“I need to let him go.”
Marie Lu, Prodigy
“When I leave, I won’t tell you goodbye—but only because I’m taking you with me.”
Jarod Kintz, Whenever You’re Gone, I’m Here for You
“Thank God I found the GOOD in goodbye.”
You’d think that sending out your third kid on a mission would make one a seasoned, poised veteran of goodbyes.
Bidding farewell to my son, Connor, was a compounded kind of difficult. I was a massive ball of nerves. Partly because he was younger (he was 18. Ashley was 22 when she left on her mission, Lauren 19), and a great deal to do with is he ready?
Oh, don’t get me wrong. He is beyond his years brilliant, responsible, highly social, and has a commanding knowledge of the gospel, but organized…weeell, somehow that gene did not latch on to his DNA.
So I fretted about things that mothers are good at fretting: I worried he would lose his wallet or forget his credit card at a store. I envisioned him leaving behind a suit when moving apartments or misplacing his head if it weren’t screwed on tight. How do you imbue someone with more awareness? I’ll tell you, you can’t. You just cross your fingers that when they know mom’s not around, the efficiency kicks in gear.
There were many sleepless nights before Connor left. Surprisingly too many. Why am I such a nervous-wreck boob? To me, the fear seemed beyond worry-wart mom allowance. So I’d question. Am I not trusting God? Do I not trust Connor? What’s really going on here?
Then the answer hit me:
The real angst that under-girded his leaving had nothing to do with distrust or disorganization. It had to do with dismantling. My third child leaving home marked the reality of the disbanding of our family.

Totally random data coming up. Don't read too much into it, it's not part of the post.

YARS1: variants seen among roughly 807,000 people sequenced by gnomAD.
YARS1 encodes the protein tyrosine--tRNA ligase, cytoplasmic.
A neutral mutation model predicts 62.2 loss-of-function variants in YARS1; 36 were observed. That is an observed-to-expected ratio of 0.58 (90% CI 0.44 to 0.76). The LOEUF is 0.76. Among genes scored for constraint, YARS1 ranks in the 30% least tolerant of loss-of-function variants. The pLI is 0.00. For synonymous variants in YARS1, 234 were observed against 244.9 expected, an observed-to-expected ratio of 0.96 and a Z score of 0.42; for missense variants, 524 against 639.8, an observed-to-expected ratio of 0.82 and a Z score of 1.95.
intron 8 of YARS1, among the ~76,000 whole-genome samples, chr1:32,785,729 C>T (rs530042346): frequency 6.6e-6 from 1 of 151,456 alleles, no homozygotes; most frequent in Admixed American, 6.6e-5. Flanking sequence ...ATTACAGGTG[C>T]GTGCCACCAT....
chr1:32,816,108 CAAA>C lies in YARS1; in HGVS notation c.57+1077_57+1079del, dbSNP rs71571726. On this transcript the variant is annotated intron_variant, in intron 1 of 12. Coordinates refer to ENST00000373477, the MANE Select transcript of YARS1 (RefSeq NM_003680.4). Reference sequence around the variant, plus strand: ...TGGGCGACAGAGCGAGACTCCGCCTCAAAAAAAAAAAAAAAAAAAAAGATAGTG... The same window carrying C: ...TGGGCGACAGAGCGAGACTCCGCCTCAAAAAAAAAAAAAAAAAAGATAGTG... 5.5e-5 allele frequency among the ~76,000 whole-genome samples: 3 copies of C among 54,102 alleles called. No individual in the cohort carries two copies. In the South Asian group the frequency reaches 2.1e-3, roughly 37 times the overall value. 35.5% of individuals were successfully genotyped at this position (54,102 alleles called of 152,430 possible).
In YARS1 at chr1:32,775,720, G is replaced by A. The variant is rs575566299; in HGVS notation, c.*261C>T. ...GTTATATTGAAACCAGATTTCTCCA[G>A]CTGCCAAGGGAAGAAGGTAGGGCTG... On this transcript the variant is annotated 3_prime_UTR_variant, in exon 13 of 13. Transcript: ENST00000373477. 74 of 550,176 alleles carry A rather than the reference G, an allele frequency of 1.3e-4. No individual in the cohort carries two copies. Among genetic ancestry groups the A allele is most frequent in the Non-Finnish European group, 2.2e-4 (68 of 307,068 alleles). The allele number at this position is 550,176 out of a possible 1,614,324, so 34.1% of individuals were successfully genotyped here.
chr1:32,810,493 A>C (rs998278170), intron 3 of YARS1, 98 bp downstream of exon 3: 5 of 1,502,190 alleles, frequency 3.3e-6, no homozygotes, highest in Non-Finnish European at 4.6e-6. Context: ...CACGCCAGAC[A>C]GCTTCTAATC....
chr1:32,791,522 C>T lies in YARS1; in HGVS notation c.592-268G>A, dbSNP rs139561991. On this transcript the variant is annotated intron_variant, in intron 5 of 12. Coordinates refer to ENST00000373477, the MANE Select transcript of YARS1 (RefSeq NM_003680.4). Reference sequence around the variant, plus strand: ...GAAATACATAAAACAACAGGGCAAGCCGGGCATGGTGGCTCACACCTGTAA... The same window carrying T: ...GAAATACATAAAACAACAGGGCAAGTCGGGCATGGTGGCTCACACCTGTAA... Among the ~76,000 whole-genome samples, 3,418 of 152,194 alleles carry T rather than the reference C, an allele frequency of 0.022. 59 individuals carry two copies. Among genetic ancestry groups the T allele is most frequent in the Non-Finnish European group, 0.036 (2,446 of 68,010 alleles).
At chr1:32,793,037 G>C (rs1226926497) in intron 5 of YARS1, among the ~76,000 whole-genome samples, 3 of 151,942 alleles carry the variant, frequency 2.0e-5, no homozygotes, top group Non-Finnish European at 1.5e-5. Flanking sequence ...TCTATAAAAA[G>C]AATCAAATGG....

I was not only saying goodbye to my son, I was saying goodbye to home life as we knew it, and the reality of that loss was closing in on me.
“To say goodbye is to die a little.”
Raymond Chandler, The Long Goodbye
The delightful banter and boisterous laughter that filled these walls, the gamut of intellectual and stupid conversations, the fun and comfort and reverence of just hanging out together was now changed.
Ulckhhh. That word can either spark excitement or instill dread. With me it has been the latter. TOO MUCH CHANGE! And I was mourning.
But I’m trying to change that (sorry, no pun intended).
You see, anything can be a difficulty if you choose to view it that way. The same is true of Goodness. Though I am sad at the change in our home life, I choose to focus on the goodness of it because the truth of the matter is – what you focus on expands. And when you focus on the goodness of your life, you create more of it.
Connor’s journey will be the making of him. He is growing out of his former self and into an extraordinary man. The objective is for me to keep growing into my better self.
“The whole point of being alive is to become the person you were intended to be, to grow out of and into yourself again and again.”
My family is moving in the direction of my goal. How great is that!? And so now must I with all of the verve, muscle and courage and faith I can call-up – releasing my dream to the Power greater than myself and allow it to unfold as its own masterpiece.
Before venturing out, my kids were pretty great, but with the experience and knowledge and strength they are currently gaining individually – out there in the world – that will only serve to improve our family as a whole.
Can something that was already good be improved upon? Apparently it can. And, gaining that kind of blessing – well, it’s worth letting go for just a little while. And when our family is able to once again reunite, home life will be more of what it was intended to be.